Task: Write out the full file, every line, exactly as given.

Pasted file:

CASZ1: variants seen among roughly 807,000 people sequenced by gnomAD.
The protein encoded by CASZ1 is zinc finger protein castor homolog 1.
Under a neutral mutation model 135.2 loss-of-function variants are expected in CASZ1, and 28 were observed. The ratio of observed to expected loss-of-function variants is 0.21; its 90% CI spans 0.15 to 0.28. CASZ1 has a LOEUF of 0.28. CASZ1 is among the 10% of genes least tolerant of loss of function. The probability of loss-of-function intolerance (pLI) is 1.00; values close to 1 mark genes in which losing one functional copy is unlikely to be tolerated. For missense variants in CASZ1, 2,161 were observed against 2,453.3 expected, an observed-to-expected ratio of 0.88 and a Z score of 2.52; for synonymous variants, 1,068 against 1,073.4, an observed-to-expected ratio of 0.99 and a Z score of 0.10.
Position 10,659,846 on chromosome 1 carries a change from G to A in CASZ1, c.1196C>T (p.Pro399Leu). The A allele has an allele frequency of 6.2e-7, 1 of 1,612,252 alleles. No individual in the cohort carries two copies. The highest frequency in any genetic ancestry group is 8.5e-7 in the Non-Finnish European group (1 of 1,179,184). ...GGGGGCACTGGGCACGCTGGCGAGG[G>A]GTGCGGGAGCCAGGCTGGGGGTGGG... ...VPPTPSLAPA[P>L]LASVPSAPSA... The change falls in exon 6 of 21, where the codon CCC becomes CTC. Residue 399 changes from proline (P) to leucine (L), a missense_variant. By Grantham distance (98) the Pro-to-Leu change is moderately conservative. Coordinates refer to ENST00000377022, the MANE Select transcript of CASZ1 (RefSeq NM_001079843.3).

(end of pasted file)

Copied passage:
CASZ1: variants seen among roughly 807,000 people sequenced by gnomAD.
The protein encoded by CASZ1 is zinc finger protein castor homolog 1.
Under a neutral mutation model 135.2 loss-of-function variants are expected in CASZ1, and 28 were observed. The ratio of observed to expected loss-of-function variants is 0.21; its 90% CI spans 0.15 to 0.28. CASZ1 has a LOEUF of 0.28. CASZ1 is among the 10% of genes least tolerant of loss of function. The probability of loss-of-function intolerance (pLI) is 1.00; values close to 1 mark genes in which losing one functional copy is unlikely to be tolerated. For missense variants in CASZ1, 2,161 were observed against 2,453.3 expected, an observed-to-expected ratio of 0.88 and a Z score of 2.52; for synonymous variants, 1,068 against 1,073.4, an observed-to-expected ratio of 0.99 and a Z score of 0.10.
Position 10,659,846 on chromosome 1 carries a change from G to A in CASZ1, c.1196C>T (p.Pro399Leu). The A allele has an allele frequency of 6.2e-7, 1 of 1,612,252 alleles. No individual in the cohort carries two copies. The highest frequency in any genetic ancestry group is 8.5e-7 in the Non-Finnish European group (1 of 1,179,184). ...GGGGGCACTGGGCACGCTGGCGAGG[G>A]GTGCGGGAGCCAGGCTGGGGGTGGG... ...VPPTPSLAPA[P>L]LASVPSAPSA... The change falls in exon 6 of 21, where the codon CCC becomes CTC. Residue 399 changes from proline (P) to leucine (L), a missense_variant. By Grantham distance (98) the Pro-to-Leu change is moderately conservative. Coordinates refer to ENST00000377022, the MANE Select transcript of CASZ1 (RefSeq NM_001079843.3).